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Title: Ecotoxicity of nanomaterials in relation to the freshwater blackworm, Lumbriculus variegatus
Author: Little, Simon Robert
ISNI:       0000 0004 7232 3626
Awarding Body: Heriot-Watt University
Current Institution: Heriot-Watt University
Date of Award: 2017
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Nanotechnologies are increasing being applied within consumer products, science, medicine, engineering and industrial processes. Due to their small size and high reactivity, nanoparticles (NPs) possess a potentially unique risk towards humans and the environment. Although the aquatic environment is predicted to be the final recipient of nano-wastes, little is known regarding the potential toxicity of NPs towards aquatic species. Within this thesis, the toxicity of two reference nanoparticles: silver (NM-300K) and titanium dioxide (NM-104) were investigated in relation to the freshwater oligochaete, Lumbriculus variegatus in artificial water and sediment. Greater toxicity was observed for NM-300K towards L. variegatus in both short-term (96-hour) water and long-term (28-days) sediment exposures. Sub-lethal NM-300K aquatic exposures (0.2 mg/L) led to an inhibition of L. variegatus swimming behaviours designed for the escape of predation as well as increases in the antioxidant enzymes, superoxide dismutase (SOD) and catalase (CAT). Increases in SOD and CAT indicate the onset of oxidative stress, however, no oxidative damage (as measured by lipid peroxidation) was observed. The inclusion of Suwannee River humic acid (5mg/L) as a natural organic matter (NOM) source generally reduced NM-300K toxicity in aquatic exposures – improving swimming behaviours and limiting SOD and CAT activities to those recorded in control exposures. Although NM-300K displayed greater toxicity than NM-104 in sediment exposures, 100% L. variegatus mortality was only observed at extremely high, potentially environmentally irrelevant concentrations (1333.33 mg/kg). The results of this thesis demonstrate the importance of water and sediment NP toxicity testing in relation to L. variegatus using traditional and newly emerging endpoints and variations to abiotic conditions.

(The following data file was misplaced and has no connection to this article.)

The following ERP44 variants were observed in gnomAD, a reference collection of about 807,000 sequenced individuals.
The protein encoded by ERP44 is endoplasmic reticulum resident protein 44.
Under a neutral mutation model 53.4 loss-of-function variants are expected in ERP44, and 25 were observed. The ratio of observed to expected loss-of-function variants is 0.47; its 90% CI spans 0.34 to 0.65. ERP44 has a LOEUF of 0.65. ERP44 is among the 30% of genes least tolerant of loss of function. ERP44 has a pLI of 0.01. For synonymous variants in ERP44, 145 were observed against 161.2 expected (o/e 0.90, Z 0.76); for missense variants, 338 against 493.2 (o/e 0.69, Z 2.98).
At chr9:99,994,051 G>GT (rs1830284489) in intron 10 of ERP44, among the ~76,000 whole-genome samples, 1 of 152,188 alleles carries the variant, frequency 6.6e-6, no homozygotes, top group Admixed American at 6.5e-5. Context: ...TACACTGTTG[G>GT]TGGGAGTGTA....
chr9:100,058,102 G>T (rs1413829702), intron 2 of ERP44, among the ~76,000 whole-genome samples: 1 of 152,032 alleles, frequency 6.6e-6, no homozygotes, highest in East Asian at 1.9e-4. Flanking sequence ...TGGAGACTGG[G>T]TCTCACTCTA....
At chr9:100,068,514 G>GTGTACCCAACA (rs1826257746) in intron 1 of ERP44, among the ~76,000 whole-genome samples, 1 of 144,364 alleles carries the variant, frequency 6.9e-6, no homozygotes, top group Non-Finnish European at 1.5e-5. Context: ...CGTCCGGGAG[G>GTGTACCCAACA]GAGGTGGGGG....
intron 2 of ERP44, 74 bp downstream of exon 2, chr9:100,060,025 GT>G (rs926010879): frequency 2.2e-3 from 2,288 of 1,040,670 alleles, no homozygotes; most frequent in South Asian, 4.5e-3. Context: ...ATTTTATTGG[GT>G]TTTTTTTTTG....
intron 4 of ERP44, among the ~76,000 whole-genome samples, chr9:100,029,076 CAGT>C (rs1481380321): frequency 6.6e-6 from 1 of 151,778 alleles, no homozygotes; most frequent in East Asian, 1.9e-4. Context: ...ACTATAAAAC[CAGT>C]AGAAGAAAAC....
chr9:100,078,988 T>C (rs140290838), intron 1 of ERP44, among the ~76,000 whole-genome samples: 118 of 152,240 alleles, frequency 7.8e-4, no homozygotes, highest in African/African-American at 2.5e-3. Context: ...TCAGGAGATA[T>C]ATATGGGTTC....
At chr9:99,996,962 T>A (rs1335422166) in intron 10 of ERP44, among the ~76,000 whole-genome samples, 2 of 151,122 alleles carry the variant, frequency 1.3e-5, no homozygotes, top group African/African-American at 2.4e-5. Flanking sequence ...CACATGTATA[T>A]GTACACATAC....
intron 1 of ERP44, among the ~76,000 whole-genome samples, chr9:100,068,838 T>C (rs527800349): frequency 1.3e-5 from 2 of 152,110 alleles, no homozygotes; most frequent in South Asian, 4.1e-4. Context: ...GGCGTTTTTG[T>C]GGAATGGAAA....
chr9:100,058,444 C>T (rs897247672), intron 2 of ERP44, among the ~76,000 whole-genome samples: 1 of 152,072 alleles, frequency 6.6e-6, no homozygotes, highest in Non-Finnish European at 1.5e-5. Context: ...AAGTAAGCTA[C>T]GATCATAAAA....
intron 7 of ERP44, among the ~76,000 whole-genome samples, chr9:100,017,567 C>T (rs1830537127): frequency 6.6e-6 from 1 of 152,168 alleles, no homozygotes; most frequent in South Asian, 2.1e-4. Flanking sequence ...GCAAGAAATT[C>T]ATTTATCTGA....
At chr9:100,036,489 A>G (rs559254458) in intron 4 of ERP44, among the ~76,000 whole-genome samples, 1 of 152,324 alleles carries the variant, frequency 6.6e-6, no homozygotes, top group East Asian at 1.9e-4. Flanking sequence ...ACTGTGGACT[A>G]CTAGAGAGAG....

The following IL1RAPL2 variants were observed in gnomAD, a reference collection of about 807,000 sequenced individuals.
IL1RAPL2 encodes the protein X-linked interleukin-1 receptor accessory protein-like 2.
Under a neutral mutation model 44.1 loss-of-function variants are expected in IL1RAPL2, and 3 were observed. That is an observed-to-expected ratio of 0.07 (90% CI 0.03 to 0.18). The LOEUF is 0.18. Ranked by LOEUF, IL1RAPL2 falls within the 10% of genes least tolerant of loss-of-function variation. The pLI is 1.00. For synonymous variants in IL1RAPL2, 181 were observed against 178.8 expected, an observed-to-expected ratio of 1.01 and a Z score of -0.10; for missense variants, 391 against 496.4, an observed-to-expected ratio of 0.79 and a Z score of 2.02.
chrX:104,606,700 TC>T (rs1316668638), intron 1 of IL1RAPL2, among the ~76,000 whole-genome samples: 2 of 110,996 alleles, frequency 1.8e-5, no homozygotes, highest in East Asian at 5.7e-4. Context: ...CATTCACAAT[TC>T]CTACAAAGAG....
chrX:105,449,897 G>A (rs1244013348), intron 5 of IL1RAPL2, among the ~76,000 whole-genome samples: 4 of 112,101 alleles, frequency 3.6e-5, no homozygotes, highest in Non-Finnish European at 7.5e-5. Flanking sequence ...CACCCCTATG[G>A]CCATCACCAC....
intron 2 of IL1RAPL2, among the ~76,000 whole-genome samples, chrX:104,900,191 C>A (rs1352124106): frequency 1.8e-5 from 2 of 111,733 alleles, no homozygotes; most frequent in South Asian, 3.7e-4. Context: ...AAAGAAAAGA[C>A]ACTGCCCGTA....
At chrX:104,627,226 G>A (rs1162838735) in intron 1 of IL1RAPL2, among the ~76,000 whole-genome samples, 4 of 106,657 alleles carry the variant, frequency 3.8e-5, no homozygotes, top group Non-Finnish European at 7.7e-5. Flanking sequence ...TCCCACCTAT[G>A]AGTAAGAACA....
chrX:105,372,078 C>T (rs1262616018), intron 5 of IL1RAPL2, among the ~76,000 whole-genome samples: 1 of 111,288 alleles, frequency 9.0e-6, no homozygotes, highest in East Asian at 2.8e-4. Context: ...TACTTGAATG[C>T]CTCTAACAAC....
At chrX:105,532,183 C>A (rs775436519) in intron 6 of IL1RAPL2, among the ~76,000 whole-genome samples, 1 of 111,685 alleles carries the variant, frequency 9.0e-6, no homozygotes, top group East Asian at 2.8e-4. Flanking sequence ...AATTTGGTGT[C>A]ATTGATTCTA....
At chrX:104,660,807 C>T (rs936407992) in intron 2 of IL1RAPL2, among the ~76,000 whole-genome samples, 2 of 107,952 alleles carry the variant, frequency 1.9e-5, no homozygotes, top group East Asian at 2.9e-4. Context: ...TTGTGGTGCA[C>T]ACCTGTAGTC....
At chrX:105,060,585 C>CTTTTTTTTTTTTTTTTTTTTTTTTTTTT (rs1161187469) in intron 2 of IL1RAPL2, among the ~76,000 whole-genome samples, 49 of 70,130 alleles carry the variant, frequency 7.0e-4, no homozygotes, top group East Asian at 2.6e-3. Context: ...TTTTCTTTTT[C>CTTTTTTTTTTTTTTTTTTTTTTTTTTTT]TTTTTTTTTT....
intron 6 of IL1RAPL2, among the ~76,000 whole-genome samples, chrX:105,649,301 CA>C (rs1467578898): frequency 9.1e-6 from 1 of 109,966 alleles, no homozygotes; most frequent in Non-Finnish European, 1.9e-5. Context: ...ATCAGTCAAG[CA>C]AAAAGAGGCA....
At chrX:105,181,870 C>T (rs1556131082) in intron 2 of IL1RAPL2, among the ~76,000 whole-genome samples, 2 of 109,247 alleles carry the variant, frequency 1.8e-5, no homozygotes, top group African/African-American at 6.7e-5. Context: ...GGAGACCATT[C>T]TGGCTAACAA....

Supervisor: Fernandes, Teresa ; Johnston, Helinor Sponsor: Not available
Qualification Name: Thesis (Ph.D.) Qualification Level: Doctoral
EThOS ID:  DOI: Not available